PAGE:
Textiles Tuesday: 17th Century, Part 2

June 29, 2010

Marie de Medici c.1630Men’s fashion over this century followed on from Elizabethan times, as mourning cloaks and hats still remained popular. It wasn’t until the 1670s that new fashions were introduced; wearing buttoned coats which reached to the mid-thigh, with wide hats and long hair or wigs entering fashion. Full mourning cloak was worn by chief mourners, with the train carried by train-bearers. Mourning gowns had previously been in fashion, but scarves with cloaks replaced this. Conventional mourners wore scarves over their black coats. Scarves were black for a male funeral and white for a woman or child. Male costume was becoming fashionable, as mourning gowns with hoods and lirpipes slowly became unfashionable and were quite unfashionable by the turn of the 17th century.

Accessories were quite prolific for men, ranging from ‘black ‘cloth’ shoes, dull black gloves black waistcoat and coat buttons, black stockings and black sword covers and belts. Mourning swords were even available.*’ Cavalier hats relaced those of the wavy brimmed variety of the Elizabethan era and the high turned crowned hats subsequently replaced these in the Restoration period. Along with these, ‘weepers’ were introduced, which was a hatband made from black or white silk, wound around the crown and the ends falling down the wearer’s back. In memorial fashion, these would stay consistent for over two hundred and fifty years.

Female fashion evolved to a greater degree than male fashion, but this would increase as time went on, with male fashion remaining static in the 19th century and female fashion becoming more elaborate. Up to the 1620s, female mourners still used forward-tilted wheel farthingales, padded sleeves, ruffs and long stomachers. Mantles combined with trained mantles and large arched hoods were used for the more important. Waist-length black veils, wired out to avoid the ruffs were used for the not so important.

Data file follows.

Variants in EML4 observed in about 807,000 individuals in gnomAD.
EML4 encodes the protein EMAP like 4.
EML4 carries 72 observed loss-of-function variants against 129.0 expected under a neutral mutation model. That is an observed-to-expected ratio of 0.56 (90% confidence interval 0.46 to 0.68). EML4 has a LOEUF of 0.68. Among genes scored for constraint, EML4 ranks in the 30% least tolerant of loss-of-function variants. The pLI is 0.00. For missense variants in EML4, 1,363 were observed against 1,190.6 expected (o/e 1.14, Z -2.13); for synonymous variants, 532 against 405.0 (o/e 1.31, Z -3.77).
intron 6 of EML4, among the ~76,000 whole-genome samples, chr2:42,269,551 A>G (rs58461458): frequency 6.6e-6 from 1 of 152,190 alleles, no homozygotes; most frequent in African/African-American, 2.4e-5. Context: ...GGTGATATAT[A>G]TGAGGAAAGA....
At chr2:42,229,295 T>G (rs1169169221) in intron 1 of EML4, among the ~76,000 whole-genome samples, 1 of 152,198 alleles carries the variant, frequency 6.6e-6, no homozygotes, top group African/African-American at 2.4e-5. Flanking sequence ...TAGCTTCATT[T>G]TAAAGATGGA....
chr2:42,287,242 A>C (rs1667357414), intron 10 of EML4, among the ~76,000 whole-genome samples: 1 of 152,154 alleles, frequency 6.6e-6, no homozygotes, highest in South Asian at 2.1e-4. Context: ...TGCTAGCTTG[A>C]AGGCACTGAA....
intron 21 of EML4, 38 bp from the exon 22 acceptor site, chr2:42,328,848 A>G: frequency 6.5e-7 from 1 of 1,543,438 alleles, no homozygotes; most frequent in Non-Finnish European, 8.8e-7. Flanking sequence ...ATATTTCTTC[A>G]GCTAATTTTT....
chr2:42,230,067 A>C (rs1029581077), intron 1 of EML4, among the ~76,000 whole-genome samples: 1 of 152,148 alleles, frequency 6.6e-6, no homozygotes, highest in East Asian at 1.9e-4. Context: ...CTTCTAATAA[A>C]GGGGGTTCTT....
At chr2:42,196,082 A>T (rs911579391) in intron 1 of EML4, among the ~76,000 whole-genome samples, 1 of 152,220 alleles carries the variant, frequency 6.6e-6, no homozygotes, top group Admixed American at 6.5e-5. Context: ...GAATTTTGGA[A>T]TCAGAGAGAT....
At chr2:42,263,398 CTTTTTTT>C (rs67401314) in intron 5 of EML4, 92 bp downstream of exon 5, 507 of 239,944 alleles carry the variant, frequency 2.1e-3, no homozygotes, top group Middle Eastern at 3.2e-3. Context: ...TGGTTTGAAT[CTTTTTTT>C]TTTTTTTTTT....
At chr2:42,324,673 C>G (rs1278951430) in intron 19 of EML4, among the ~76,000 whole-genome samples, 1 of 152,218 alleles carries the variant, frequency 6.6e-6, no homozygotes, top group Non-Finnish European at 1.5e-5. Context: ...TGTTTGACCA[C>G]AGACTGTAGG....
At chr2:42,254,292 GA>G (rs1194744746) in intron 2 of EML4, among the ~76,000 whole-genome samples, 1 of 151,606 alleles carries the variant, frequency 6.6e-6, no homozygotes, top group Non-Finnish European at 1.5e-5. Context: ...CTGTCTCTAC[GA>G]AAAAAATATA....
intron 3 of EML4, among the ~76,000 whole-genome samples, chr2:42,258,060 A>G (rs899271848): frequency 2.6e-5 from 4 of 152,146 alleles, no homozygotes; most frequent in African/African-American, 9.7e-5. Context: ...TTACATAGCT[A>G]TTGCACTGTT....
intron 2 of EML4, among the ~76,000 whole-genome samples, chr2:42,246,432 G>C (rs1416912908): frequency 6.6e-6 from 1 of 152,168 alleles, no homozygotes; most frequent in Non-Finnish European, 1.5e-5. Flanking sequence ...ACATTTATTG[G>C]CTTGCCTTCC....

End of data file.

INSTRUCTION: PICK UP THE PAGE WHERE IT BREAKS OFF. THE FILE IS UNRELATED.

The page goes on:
During the 1620s, farthingales and ruffs were abandoned for lace-edged falling collars, waists began to rise and sleeves became voluminous and billowed. Not long after this in the late 1620s and 30s, arched hoods began to make their exit from fashion and post 1650, mourning mantels dropped out of fashion. Ladies began to mourn in black gowns with extra long trains and silk veils.

By the end of the 17th century, fashion had evolved radically. ‘Mantua’ dresses with long stomachers and looped-back skirts were adopted for mourning use. The ‘Paris’ or ‘Mary Stuart Cap’ is worn under veils until the end of the 17th century and drop earrings were popular. The ‘mantua’ dresses were made in dull black silk with white linen undersleeves and neck-frills. Black and white caps were worn beneath mourning hoods or veils. The ‘shadow’ veil was also worn, shaped to a point over the forehead without a cap underneath.

Textiles Series

Textiles Tuesday: 17th Century, Part 1

Textiles Tuesday: 17th Century, Part 2

Textiles Tuesday: 18th Century, Part 1

Textiles Tuesday: 18th Century, Part 2

Textiles Tuesday: 19th Century, Part 1

Textiles Tuesday: 19th Century, Part 2

One Response to “Textiles Tuesday: 17th Century, Part 2”


  1. […] 17th Century Mourning Dress Part 1 – 17th Century Mourning Dress Part 2 – 18th Century Mourning Dress Part 1 – 18th Century Mourning Dress Part 2 – 19th Century Mourning […]


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